School lunch policies require that a certain amount of vegetables be served, and according to Congress, two tablespoons of tomato paste counts as a vegetable. With this rule, cafeterias are allowed to consider pizza as a vegetable. And because French fries come from a potato, they can be considered vegetables too.
Recent proposals by the Obama administration and the United States Department of Agriculture would have made these regulations come to an end. In addition, the bill would have limited starchy vegetables, boosted whole grain foods, increased the amount of fruits and vegetables served, and restricted high sodium levels put on the lunch plates of American children 5 days a week. As considered by this dietitian-in-training, all proposals were wonderful benefits. However, this week, Congress hindered these proposals.
Yes, serving different foods may cost more. And yes, I know our education system is already in a penny-pinching position. But more penny-pinching or continued pants-pinching, people? It is so unfortunate that Congress put the interests of lobbyists in the frozen food and potato industry in front of the interests of the health of American school children.
This is not about politics, this is about health. The starchy vegetables, like potatoes, corn, and peas offer a wide variety of amazing nutrients. But when potatoes lathered in oil or when two tablespoons of tomato paste can be defined as vegetables, we have serious problems. And Amy Dawson Taggart, the director of the Center for Science in the Public Interest agrees. “We are outraged that Congress is seriously considering language that would effectively categorize pizza as a vegetable in the school lunch program. It doesn’t take an advanced degree in nutrition to call this a national disgrace,” she said.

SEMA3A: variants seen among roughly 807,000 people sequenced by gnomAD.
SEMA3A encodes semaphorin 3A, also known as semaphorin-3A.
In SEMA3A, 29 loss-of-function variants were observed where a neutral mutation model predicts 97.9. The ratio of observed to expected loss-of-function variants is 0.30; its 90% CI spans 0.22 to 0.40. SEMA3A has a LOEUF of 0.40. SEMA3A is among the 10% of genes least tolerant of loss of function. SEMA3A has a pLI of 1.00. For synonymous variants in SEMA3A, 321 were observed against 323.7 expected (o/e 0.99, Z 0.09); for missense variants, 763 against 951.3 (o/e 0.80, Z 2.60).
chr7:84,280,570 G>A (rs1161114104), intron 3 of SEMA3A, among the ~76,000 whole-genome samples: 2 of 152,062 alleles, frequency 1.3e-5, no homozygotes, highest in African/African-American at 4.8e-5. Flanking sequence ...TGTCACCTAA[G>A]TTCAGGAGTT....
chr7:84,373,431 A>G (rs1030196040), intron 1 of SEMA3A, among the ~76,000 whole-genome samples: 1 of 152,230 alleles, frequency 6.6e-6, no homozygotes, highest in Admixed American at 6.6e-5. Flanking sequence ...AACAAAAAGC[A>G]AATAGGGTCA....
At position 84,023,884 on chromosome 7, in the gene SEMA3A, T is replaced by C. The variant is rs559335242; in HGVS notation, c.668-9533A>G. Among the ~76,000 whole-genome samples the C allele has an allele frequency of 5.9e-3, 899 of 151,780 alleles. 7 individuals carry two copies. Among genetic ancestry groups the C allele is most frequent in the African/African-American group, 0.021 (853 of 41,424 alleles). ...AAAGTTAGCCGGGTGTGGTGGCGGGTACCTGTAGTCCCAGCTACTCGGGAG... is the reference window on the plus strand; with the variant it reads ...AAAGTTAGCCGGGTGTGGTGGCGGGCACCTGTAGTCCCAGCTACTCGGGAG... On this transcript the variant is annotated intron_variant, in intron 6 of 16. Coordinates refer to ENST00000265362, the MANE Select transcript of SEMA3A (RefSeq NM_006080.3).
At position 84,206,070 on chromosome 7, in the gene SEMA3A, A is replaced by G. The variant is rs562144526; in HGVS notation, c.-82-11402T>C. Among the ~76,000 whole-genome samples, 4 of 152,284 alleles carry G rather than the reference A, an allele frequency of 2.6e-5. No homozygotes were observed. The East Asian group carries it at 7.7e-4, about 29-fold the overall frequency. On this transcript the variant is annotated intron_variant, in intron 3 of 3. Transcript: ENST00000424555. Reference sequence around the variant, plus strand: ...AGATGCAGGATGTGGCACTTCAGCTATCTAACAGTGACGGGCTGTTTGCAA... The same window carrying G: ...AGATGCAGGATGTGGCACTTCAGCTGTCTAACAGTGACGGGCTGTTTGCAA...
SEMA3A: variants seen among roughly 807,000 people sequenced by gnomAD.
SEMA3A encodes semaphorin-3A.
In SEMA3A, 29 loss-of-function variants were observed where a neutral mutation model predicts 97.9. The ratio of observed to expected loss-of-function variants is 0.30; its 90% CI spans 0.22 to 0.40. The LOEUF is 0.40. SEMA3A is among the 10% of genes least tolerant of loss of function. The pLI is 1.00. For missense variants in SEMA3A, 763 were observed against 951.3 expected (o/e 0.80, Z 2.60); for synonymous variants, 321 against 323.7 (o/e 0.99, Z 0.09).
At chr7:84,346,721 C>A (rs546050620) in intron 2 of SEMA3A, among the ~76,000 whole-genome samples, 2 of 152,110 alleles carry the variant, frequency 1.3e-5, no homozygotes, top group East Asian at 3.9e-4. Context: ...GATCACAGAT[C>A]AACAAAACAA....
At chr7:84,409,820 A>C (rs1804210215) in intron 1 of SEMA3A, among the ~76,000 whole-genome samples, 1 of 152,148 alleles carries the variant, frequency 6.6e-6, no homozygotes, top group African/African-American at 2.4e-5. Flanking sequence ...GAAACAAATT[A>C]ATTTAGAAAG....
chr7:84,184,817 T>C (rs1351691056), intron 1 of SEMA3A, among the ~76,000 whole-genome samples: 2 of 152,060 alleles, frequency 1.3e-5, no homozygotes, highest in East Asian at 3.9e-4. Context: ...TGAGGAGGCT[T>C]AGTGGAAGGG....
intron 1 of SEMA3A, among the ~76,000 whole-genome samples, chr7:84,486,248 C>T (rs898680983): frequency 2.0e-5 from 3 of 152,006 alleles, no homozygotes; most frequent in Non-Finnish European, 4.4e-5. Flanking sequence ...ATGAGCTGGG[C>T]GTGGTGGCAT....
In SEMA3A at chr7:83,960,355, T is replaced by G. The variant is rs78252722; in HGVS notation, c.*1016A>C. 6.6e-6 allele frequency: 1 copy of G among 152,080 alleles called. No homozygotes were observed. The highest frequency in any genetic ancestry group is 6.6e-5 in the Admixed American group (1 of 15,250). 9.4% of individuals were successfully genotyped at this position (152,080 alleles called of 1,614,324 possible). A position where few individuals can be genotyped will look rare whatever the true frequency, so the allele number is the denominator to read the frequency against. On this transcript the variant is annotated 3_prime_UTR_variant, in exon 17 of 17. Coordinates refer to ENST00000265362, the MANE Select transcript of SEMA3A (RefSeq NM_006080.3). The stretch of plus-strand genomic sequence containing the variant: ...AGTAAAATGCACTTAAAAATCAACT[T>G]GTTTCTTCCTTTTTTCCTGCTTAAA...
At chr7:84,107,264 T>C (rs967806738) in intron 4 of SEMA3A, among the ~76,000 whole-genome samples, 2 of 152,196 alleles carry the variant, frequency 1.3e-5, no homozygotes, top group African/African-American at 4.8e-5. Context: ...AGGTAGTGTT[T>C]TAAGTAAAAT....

School lunches are a primary source of kids’ energy and nutrients throughout the day. According to the Centers for Disease Control and Prevention, childhood obesity has more than tripled in the past thirty years and one-third of children/adolescents are considered overweight or obese. These facts combined with the workings of the government this week frustrate me more than you know. American children cannot continue to be served meals like this.
It is ironic that news about school lunches surfaced just days after I went back to my local elementary school as my brother’s “substitute parent” for Fourth Grade Parent Day while our mom and dad rendezvoused in Hawaii.
Surprisingly, the students and parents were given three options to choose from. We were given choice 1, a chicken patty sandwich on a white bun, mandarin oranges, mashed potatoes and gravy, and milk; choice 2: a white-bread peanut-butter and jelly sandwich instead of the chicken patty; or choice 3: a salad (with egg, ham, cheese, and tomato), milk, and apple juice.
Not surprising, so many easy changes could have been made to improve the nutritional quality of the meals. How much harder is it to have grilled chicken, rather than chicken with breading? Why can’t the white bread be swapped out for whole wheat bread? Apple juice and milk to go along with the salad? It could have been just as simple to allow the student
parent me to pick up an apple instead of the juice carton. It’s not like schools need to serve salmon filets with a side of couscous. They need to make simple changes.
The poor decisions by Congress both infuriate me and break my heart. Our Congress believes that we cannot afford to provide quality meals, but can we afford to let the health of the nation’s children suffer?
I certainly do not think so. What about you?
(Photo: Blake at Parent Day enjoying a salad with milk! Definitely the brother of an rd2beJ)